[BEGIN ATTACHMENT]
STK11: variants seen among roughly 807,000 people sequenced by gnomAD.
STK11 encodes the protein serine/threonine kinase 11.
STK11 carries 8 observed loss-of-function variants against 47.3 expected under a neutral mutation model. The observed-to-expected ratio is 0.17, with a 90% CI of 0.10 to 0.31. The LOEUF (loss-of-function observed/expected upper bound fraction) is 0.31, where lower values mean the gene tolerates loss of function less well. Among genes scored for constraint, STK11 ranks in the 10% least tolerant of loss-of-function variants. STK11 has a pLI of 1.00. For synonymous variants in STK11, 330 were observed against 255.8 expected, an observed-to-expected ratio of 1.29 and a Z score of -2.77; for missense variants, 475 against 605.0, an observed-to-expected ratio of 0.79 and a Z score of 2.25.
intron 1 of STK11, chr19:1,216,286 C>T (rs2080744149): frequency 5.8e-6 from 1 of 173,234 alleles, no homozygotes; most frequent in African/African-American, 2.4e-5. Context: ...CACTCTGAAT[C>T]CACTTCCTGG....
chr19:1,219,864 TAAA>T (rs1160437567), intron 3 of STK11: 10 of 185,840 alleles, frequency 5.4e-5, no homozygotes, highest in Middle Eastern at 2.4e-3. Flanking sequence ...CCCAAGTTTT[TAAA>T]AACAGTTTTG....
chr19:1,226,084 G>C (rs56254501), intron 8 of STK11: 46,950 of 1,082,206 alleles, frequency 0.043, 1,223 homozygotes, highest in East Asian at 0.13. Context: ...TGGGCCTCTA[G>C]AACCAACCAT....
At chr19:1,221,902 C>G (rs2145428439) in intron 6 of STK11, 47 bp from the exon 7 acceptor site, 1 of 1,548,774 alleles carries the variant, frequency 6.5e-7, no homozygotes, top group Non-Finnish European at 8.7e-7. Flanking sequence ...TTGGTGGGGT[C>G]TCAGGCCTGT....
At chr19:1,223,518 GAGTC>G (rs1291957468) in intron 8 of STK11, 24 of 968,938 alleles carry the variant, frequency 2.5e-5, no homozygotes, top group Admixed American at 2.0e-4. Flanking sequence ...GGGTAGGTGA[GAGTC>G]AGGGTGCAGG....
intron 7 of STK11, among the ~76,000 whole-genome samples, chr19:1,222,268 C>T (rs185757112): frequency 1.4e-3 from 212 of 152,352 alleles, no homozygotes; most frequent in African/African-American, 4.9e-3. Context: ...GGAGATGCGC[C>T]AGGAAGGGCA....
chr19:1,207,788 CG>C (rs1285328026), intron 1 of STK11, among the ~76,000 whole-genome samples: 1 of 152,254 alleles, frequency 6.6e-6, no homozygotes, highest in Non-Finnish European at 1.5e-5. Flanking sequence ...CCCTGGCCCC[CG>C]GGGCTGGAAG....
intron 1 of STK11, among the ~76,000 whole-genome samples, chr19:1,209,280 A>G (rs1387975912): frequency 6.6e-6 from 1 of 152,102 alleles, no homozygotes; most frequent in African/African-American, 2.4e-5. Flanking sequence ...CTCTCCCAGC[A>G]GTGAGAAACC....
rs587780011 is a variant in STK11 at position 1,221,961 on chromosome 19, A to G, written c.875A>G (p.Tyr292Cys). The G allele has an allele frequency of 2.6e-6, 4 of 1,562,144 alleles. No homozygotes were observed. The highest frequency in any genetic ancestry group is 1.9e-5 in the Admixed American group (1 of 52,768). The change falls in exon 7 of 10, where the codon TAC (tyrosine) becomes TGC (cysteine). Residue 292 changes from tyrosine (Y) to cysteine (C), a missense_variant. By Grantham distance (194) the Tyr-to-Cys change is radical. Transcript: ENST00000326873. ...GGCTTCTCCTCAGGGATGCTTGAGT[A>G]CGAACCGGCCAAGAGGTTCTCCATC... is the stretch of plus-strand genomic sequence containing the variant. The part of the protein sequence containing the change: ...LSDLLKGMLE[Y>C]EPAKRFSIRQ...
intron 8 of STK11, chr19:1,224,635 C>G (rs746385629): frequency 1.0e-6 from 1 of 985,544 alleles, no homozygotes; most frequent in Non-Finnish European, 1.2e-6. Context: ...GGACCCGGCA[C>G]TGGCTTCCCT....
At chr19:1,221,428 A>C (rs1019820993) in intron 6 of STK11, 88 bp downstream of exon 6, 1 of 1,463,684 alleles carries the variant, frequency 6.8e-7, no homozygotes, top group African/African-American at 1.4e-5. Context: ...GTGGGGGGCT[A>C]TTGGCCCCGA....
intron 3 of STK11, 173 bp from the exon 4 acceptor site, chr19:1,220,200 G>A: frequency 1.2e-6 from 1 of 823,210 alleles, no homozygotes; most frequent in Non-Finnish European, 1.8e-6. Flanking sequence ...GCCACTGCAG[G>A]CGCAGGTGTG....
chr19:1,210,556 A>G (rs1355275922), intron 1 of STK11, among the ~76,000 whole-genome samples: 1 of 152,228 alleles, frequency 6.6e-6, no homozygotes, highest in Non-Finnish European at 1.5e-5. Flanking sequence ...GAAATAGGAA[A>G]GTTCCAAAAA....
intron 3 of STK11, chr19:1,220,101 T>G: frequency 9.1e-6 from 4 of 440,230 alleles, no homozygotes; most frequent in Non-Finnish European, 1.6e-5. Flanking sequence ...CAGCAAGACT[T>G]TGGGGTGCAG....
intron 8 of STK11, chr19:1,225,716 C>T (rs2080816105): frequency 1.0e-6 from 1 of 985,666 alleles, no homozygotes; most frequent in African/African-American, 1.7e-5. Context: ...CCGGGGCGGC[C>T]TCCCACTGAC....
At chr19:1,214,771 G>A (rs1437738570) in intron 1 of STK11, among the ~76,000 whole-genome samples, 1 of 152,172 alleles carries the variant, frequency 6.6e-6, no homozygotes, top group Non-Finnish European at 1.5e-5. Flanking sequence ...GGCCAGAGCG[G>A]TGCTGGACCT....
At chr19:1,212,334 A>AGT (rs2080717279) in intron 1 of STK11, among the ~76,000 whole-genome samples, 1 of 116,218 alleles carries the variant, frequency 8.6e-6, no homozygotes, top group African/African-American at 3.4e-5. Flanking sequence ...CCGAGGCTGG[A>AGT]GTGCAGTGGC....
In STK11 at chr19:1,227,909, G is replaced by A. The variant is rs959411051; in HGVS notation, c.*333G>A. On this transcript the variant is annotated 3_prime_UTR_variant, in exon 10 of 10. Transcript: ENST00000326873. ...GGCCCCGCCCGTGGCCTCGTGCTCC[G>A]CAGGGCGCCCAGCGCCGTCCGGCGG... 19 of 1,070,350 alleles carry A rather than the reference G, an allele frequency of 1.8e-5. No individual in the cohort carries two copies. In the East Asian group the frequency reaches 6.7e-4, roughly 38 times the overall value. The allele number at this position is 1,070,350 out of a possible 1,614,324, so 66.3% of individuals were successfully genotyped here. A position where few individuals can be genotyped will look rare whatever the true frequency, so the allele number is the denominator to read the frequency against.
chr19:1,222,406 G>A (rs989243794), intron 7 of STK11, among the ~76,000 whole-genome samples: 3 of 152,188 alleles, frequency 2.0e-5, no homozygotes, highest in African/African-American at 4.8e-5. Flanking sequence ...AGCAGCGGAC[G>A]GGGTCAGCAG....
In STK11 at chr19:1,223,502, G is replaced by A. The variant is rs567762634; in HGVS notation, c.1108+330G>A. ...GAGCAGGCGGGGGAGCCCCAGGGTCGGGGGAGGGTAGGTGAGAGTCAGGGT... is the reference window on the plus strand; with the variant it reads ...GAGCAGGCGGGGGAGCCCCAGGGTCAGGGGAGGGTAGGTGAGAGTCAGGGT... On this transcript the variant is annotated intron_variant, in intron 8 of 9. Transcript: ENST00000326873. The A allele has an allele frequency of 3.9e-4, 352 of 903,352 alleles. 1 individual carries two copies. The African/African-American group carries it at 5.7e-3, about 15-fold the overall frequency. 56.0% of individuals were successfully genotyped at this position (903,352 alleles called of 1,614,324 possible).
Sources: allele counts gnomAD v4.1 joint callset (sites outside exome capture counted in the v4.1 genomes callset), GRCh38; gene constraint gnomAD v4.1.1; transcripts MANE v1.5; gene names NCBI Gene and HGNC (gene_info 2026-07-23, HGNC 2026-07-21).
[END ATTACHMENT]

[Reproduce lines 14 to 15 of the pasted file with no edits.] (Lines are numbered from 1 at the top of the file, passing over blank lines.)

At chr19:1,221,428 A>C (rs1019820993) in intron 6 of STK11, 88 bp downstream of exon 6, 1 of 1,463,684 alleles carries the variant, frequency 6.8e-7, no homozygotes, top group African/African-American at 1.4e-5. Context: ...GTGGGGGGCT[A>C]TTGGCCCCGA....
intron 3 of STK11, 173 bp from the exon 4 acceptor site, chr19:1,220,200 G>A: frequency 1.2e-6 from 1 of 823,210 alleles, no homozygotes; most frequent in Non-Finnish European, 1.8e-6. Flanking sequence ...GCCACTGCAG[G>A]CGCAGGTGTG....